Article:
I think exercise begets exercise, whether it is running, biking, hiking, strength training, you name it. Once you get into a routine, your body asks for it and if you don’t do it, you don’t feel well, you’ll feel off. Last week I was sick and couldn’t go out for a run, but worst of all, I was very cranky and I blame it to not being able to run.

Now I’m finally feeling better so this morning I went out for a run and made it to 4 miles. I’m not going to lie, but the last 0.25 miles were really tiring, but completely worth it. The drawback is that I think I am a little bit dehydrated and I will be sore tomorrow, but it is good sore. My next steps: running the Golden Gate Bridge (it’s not that long though but the views are great), running a 10k and maybe trail running. I’ll keep you posted.


Spanish Omelet aka Tortilla de Patata

Tortilla de Patata - Spanish Omelette

Well, since this is my first post, I decided for it to be my daughter’s favorite dish, Spanish Omelet, or Tortilla de Patata or Tortilla Española. I like to think of it as the most important dish in the whole kingdom of Spain, closely followed by the paella, which is probably my favorite dish.
Unfortunately, I’m going to destroy it. Let me tell you why, this is NOT the right way to make a Spanish Omelet. Why? you may ask. See, I spent years and years not making it because I said that it was a little messy; mainly the aftermath after deep frying the potatoes. It isn’t really that bad, but I just didn’t want to deal with it. Either I made it in this easier way or I would just order it at some Spanish tapas place, and let’s face it, we don’t go to those restaurants that often.

Spanish Omelet – the non-traditional way


2 potatoes (Idaho is what I use but Yukon Gold will work too)

onion to taste (I used a quarter of an onion)

4 or 5 eggs – it depends on the size of the potatoes

1/3 to 1/4 cup of olive oil

pinch of salt

Tortilla de Patata - Spanish Omelette

Instructions (my way):

Heat up some olive oil in low to medium heat. In the meantime, chop the onion and sauté it until translucent, don’t burn it because if you do you’ll have to start again. Here we are trying to infuse the oil with the onion flavor. This is completely worth it, but you can avoid it if you don’t like onions.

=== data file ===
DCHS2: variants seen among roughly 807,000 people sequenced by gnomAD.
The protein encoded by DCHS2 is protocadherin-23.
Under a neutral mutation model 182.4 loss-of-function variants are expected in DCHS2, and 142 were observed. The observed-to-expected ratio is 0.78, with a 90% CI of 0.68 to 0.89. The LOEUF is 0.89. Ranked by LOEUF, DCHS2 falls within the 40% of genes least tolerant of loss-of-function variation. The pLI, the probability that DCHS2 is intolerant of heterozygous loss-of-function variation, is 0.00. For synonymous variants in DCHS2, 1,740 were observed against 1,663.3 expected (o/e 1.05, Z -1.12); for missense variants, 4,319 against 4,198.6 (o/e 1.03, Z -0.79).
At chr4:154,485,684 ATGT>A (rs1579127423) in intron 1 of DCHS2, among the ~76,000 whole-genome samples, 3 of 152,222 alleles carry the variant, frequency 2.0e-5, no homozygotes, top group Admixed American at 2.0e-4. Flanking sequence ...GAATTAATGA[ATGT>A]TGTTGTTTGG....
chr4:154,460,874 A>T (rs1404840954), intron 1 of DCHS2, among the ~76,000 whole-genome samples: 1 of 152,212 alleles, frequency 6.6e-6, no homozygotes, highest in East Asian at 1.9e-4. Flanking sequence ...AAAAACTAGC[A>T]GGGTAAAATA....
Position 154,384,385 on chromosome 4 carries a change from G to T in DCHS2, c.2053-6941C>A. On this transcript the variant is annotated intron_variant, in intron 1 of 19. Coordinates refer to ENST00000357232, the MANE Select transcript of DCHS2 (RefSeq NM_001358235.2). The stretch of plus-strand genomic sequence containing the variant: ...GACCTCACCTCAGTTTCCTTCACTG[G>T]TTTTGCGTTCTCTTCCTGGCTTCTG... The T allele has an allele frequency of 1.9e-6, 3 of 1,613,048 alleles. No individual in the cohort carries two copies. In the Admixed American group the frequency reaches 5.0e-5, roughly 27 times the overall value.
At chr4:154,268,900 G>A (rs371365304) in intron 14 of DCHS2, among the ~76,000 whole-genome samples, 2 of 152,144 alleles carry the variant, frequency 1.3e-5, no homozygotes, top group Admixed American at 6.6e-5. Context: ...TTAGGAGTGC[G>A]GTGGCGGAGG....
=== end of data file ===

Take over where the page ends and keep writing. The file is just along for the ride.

While this is happening, peel and cut the potatoes. Any size will do. I remember my grandma unevenly cutting them. I just cut them lengthwise twice, so I get four quarters, and then slice them more or less thinly. Put them in a microwave safe bowl.

Now the shortcut (at this point my sister would give me the evil look) –

Pour the sautéed onion, with the olive oil, over the potatoes and mix well. Make sure there’s just enough oil to cover them. If you didn’t infuse enough oil, no problem, just add a little bit of the regular one. Now you can go ahead and cover the bowl with plastic wrap, make some holes in it and put it in the microwave for 6-7 minutes. Once the time is up, stir the potatoes and put them back in the microwave for another 6 minutes.

{Now, if you want to do it the traditional way, you would have to deep-fry the potatoes and the onions together, until the potatoes start to cook through. At this point, you’ll take them out of the oil because you don’t want them crispy, just cooked through.}

Preheat a 10-inch skillet, in medium to low heat, with enough olive oil to coat the bottom and sides of the skillet. I like to use a brush for this. In the meantime, beat the eggs and add the potatoes to them. Start with 4 eggs and work your way up if needed. The consistency should be pretty thick, 2 eggs per potato more or less. Add the potatoes and some salt to taste.

Pour the mixture into the skillet and let it set. When you see that the bottom is done and the top is starting to cook, put on some kitchen mittens (just in case), use a big plate or platter to cover the skillet, grab the whole thing, and over the sink (in order to avoid messes) flip the pan. Now you’ll have the half-cooked omelet on the plate and an empty skillet. Put it back on the stove and slide the omelet back into the skillet to finish cooking. Once the other side is done, put it on a serving plate.

Tortilla de Patata - Spanish Omelette

This dish, in my opinion, is best at room temperature and especially the next day. But, it doesn’t really matter. A Spanish omelet is good at any temperature and for any occasion. Enjoy!